Carnival Piazza San Marco Venice Italy

Italy has been on our travel bucket list forever. After all, it is the birthplace of pizza, pasta and gelato! It has so much history to discover and some of the most beautiful cities in the world! Italy is a country we’ve admired from afar and now that we’ve experienced it for ourselves we’ve discovered a few surprises which we’re going to share with you right now! Here are our top 14 most surprising things about visiting Italy!

Our experience of visiting Italy

View over woman's shoulder at T Fondaco Rooftop Terrace Venice Italy
View from T Fondaco Rooftop Terrace Venice Italy

We spent 2 weeks travelling by train through northern Italy from France to Slovenia. We stopped at 6 different cities along the way. During our travels we experienced the Italian Riviera, the largest port city in Italy as well as Italy’s fashion capital during our trip. We were impressed by delicious food on offer, the rich history and the stunning architecture that is prevalent throughout the country.

Most surprising things about visiting Italy!

Endless varieties pizza/pasta/panini/gelato flavours in Italy

Gelato from Vittoria 1938 Gelato Caffè Verona Italy overlooking Adige River
Gelato from Vittoria 1938 Gelato Caffè Verona Italy

As we looked forward to our trip to Italy, the thing we most looked forward to was getting our fill of pizza and pasta. What we found very surprising though was the wide variety of flavours that would be available. Italy has really mastered the art of creating different flavours. This extends to pizza, pasta, paninis and even gelato flavours. You could spend years eating your way through the country, trying a new flavour each day and never run out of flavours. Some of our favourites are gorgonzolla gnocchi, which is a potato dumpling smothered in a creamy cheese sauce, and cassata gelato, which is a fruit cake flavoured gelato which contained little pieces of fruit jelly.

City tourist charges on accommodation in Italy

Airbnb Trieste Italy
Airbnb Trieste Italy

Italy is one of the most popular countries in the world to visit. Perhaps then it shouldn’t be so surprising that the cities of Italy charge a tourist tax on accommodation to help fund tourism infrastructure. You pay the city tax directly to your host and it is an additional charge on top of your nightly rate. The city tax is a fixed amount per person and the amount varies by city as well as by the star rating of your accommodation. It can vary anywhere from around 1-7 euro per person per night. Furthermore, the city tax is sometimes capped at a maximum number of nights.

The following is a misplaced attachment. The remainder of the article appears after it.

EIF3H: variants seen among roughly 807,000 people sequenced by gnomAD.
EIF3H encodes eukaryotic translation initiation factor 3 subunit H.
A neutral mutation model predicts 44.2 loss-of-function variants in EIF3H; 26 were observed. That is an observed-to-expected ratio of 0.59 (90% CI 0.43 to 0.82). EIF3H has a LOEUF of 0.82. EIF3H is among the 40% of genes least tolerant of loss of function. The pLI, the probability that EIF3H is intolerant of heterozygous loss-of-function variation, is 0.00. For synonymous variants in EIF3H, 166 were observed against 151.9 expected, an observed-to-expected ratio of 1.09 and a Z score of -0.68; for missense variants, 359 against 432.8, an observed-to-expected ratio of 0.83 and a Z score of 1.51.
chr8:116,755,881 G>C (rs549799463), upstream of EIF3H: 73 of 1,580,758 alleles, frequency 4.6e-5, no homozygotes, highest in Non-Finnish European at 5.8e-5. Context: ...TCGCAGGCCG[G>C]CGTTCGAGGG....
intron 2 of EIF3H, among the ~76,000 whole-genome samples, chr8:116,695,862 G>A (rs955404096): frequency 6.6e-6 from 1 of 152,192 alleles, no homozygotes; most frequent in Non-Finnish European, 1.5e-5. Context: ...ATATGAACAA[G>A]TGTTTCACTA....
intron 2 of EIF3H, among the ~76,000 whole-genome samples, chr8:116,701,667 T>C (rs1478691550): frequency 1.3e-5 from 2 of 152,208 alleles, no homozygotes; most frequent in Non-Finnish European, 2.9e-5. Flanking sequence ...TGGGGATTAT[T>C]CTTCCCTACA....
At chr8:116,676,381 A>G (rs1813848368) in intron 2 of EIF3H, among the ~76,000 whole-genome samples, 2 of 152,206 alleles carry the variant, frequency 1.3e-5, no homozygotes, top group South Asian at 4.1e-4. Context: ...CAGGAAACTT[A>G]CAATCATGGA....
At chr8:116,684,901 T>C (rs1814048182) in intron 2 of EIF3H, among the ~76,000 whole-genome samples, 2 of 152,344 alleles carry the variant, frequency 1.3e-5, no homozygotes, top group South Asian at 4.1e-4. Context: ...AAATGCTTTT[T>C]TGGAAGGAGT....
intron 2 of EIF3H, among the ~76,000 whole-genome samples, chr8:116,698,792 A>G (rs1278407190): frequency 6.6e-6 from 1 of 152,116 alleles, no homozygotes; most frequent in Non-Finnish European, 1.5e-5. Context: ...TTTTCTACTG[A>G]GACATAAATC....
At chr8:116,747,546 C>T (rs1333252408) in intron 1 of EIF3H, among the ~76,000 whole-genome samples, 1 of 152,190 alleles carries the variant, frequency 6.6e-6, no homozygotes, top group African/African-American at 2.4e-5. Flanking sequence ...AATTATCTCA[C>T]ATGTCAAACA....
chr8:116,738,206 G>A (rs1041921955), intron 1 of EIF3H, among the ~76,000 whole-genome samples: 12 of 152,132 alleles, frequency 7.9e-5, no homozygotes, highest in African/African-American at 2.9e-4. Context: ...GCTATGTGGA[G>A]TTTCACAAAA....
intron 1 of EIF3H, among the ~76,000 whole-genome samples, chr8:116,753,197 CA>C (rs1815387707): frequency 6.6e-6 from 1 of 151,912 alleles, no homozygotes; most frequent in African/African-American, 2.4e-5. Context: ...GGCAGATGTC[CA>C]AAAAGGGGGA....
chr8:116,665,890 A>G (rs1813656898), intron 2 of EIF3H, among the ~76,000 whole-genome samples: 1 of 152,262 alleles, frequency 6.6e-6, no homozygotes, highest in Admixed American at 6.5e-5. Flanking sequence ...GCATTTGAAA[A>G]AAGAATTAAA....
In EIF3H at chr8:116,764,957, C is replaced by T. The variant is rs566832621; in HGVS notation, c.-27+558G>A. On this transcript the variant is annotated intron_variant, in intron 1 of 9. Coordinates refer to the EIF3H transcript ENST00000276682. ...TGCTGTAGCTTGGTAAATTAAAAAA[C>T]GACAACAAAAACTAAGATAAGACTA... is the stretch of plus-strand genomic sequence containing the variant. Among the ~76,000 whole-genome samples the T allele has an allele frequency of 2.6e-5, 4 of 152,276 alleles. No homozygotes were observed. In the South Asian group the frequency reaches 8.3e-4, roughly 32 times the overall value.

We paid 1.50 euro per night in smaller cities like Sanremo up to 4 euro in Milan. Keep in mind that you pay the taxes separately to the accommodation. For example, if you book online with, then you pay the city tax separately when you arrive at the hotel. We also stayed in rental apartments and the practice here is to leave the amounts with the keys when you leave.

Coperto and servizio cover charges at restaurants in Italy

Outdoor cafes at Via Roma Verona Italy
Via Roma Verona Italy

When eating at restaurants in Italy, be aware that there may be a cover charge to dine in. This charge is called a coperto charge. It is usually around 1-3 euro, but may be higher in touristy areas. It is a fixed per person charge and effectively covers things like table linen, tableware and may sometimes also cover bread. It’s a non-negotiable charge and must be listed on the menu. If you can’t find it listed on the menu, ask your waiter if there is a coperto charge. In Milan we saw cover charges generally around the range of 1.50 euro to 2.50 euro per person. This charge will not be applied if you take away instead.

Some restaurants also charge a servizio charge. This service charge is generally a percentage of your bill and must be listed on the menu. Restaurants usually charge this fee in touristy areas as well as for groups of 8 or more.

The coperto and servizio charges are not tips. However tipping is very uncommon in Italy.

Aperitivo specials (happy hour specials) in Italy

Aperitivo at Al56zeroOtto Canaregio Venice Italy, Aperol Spritz
Aperitivo at Al56zeroOtto Canaregio Venice Italy

Whilst copertos were an unpleasant surprise for us, a nicer surprise was finding the aperitivo specials! Perfect for those looking for a cheap night out in Italy! Given that the cover charge for eating dinner at a restaurant can be up to 3 euro in some restaurants it’s pleasantly surprising to find the aperitivo specials. These are dinner specials which includes drink and a meal. Furthermore, sometimes it’s all you can eat. Aperitivo specials are very reasonably priced, at around 8 to 12 euro per person. It’s a really good special and it even includes any cover charges. They’re definitely served from about 6-8pm at night. Aperitivos are a brilliant way to have a cheap eat Italy. They are a beautiful meal you get great great atmosphere lovely food very tasty drinks. It’s really a must do in Italy.